22 June 2012

Spode and Barbecue

It is summertime in the UK and we should be enjoying long, hot, dry summer days. We are not! It is cool, wet and windy but it still seems the right time to write about Spode's Barbecue pattern.
Pattern number S3252 (detail)
The design was produced on an unusual triangular shape called Tricorn. (For more information on the shape just click here for my Spode ABC and find the entry for Tricorn). Introduced in 1957 Barbecue pattern is perhaps not what you might expect from its name. The pattern comprised a series of four plates with comical pictures which were entitled No Comment. Each of the 4 designs had its own pattern number indicating that these plates could be sold individually so, for example, they were not part of a tea set or dinner service - only plates were made.

Pattern number S3244 depicted a lamp post and dog's paw prints; S3251 depicted a cockerel bemused by a hen with ducklings; S3252 depicted a black cat being propelled to the moon by an old boot; S3253 depicted steeplechase with a monkey as jockey on a kangaroo.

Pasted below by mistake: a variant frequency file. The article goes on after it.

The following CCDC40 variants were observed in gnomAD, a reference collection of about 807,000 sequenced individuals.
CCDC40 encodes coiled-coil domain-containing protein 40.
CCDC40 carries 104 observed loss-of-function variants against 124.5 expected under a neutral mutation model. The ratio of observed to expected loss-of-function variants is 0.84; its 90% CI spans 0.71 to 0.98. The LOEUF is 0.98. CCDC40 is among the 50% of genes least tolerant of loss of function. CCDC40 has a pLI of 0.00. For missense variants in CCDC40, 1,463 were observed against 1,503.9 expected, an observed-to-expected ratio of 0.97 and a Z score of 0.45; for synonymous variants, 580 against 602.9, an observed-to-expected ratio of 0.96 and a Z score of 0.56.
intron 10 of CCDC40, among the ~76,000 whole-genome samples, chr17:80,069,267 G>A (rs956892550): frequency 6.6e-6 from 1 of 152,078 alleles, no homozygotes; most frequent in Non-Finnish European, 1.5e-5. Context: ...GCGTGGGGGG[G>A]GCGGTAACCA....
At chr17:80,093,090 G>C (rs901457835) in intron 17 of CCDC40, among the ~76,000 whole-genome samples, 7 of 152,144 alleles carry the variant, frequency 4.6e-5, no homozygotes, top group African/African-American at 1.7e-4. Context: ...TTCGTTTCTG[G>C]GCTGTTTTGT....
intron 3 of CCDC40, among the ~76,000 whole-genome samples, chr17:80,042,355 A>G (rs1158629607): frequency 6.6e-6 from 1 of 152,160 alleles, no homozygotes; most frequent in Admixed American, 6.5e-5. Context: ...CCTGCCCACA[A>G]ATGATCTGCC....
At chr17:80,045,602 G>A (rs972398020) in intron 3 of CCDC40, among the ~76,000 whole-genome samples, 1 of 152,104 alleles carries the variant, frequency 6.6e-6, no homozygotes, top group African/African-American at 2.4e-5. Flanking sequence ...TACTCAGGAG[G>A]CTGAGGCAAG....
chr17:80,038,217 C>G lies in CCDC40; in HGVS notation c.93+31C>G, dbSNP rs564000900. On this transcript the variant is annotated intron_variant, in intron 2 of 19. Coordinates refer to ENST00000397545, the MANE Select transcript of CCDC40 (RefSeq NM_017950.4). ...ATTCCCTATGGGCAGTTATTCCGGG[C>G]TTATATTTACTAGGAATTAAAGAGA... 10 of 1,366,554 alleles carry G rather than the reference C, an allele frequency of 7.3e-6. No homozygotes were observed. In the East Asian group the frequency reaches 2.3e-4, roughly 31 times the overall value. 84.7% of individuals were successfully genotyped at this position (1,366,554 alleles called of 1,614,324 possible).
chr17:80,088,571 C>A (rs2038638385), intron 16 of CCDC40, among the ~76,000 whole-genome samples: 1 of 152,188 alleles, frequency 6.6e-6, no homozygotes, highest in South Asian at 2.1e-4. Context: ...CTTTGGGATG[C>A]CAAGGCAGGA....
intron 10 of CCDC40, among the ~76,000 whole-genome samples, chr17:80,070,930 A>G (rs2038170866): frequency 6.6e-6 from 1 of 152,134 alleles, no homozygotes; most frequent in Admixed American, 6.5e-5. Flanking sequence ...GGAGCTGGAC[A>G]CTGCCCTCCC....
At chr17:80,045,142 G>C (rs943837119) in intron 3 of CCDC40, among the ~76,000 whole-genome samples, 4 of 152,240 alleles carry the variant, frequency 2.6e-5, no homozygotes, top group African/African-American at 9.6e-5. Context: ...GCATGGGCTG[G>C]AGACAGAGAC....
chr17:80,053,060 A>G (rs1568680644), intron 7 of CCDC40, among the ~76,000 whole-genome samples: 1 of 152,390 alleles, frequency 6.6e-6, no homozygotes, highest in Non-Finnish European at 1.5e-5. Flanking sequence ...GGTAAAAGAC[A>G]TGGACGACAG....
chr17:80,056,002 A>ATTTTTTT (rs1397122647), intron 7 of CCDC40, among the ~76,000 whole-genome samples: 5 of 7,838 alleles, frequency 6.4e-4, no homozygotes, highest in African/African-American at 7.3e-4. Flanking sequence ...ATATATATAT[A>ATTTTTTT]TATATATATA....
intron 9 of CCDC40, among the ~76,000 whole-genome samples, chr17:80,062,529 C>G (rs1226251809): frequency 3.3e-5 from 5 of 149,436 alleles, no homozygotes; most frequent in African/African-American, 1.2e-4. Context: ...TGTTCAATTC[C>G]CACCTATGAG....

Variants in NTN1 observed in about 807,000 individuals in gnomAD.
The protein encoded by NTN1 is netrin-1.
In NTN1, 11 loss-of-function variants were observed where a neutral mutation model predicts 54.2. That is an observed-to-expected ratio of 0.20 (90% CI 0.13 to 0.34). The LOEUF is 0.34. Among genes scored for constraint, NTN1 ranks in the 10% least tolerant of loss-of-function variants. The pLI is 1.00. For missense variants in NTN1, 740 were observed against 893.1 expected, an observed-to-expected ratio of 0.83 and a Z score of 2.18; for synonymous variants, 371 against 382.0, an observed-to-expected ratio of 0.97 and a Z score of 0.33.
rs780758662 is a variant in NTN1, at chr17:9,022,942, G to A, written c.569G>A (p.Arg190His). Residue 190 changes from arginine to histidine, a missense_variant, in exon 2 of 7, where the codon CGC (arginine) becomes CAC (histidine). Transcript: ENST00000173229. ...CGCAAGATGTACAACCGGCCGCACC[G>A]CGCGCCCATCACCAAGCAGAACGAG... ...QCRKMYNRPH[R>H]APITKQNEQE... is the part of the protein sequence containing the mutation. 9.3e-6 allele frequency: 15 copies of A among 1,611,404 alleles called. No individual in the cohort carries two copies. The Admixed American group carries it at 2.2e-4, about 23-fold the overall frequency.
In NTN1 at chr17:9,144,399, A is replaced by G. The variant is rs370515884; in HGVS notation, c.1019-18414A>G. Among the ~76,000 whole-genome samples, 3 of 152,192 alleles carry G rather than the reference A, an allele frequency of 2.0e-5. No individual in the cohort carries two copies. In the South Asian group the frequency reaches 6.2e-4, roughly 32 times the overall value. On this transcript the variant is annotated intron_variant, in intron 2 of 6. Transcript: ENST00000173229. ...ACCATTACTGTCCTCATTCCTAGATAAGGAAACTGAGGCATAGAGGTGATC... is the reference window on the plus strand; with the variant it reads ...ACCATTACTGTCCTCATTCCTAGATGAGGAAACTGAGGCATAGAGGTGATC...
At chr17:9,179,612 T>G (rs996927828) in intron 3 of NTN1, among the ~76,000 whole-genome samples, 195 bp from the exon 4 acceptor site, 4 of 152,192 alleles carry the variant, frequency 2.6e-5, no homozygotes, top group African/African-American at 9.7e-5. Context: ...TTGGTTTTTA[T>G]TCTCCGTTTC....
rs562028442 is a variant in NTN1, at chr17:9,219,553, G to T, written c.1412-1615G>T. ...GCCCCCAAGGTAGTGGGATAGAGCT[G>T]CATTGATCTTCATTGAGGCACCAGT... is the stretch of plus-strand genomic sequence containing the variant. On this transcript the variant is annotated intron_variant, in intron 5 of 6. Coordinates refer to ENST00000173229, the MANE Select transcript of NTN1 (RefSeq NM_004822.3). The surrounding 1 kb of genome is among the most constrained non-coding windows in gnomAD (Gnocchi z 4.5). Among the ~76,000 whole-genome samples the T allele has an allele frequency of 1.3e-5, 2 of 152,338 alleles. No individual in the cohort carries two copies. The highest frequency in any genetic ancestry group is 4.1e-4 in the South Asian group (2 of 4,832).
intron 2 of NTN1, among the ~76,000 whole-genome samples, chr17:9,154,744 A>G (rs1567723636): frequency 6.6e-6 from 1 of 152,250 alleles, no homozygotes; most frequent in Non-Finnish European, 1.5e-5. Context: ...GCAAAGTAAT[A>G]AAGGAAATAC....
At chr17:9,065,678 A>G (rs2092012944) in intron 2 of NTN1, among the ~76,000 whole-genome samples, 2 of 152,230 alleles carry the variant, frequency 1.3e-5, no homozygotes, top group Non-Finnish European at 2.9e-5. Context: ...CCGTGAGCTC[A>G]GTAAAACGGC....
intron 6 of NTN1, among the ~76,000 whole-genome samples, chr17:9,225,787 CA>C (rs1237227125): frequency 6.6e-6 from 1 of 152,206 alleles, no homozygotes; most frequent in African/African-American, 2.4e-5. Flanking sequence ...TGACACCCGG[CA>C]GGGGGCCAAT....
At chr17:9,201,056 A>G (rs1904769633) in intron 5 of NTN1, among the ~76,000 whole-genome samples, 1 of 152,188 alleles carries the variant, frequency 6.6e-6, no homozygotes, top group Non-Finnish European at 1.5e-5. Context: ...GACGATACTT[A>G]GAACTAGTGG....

Pattern number S3244
Pattern number S3253 (detail)
I find these designs slightly odd but charming. Why the pattern should be called Barbecue, with the addition of No Comment, I have no idea! The Shorter Oxford Dictionary on Historical Principles records that the word barbecue was first used in the 17th century so it was not a new word in the 1950s for Spode to latch onto for this new pattern. Perhaps barbecues became fashionable at this time (I haven't researched this) and these triangular plates with a quirky design were thought to be appropriate.

The backstamp included the word BARBECUE as if written on a fence. The pattern was not made for long, being discontinued in the early 1960s. The black and white photo shows the pattern featuring the lamp post and dog's paw prints this time on a round shape - probably April shape - the new and modern Tricorn shape was not a success in all countries to which Spode exported.
Barbecue backstamp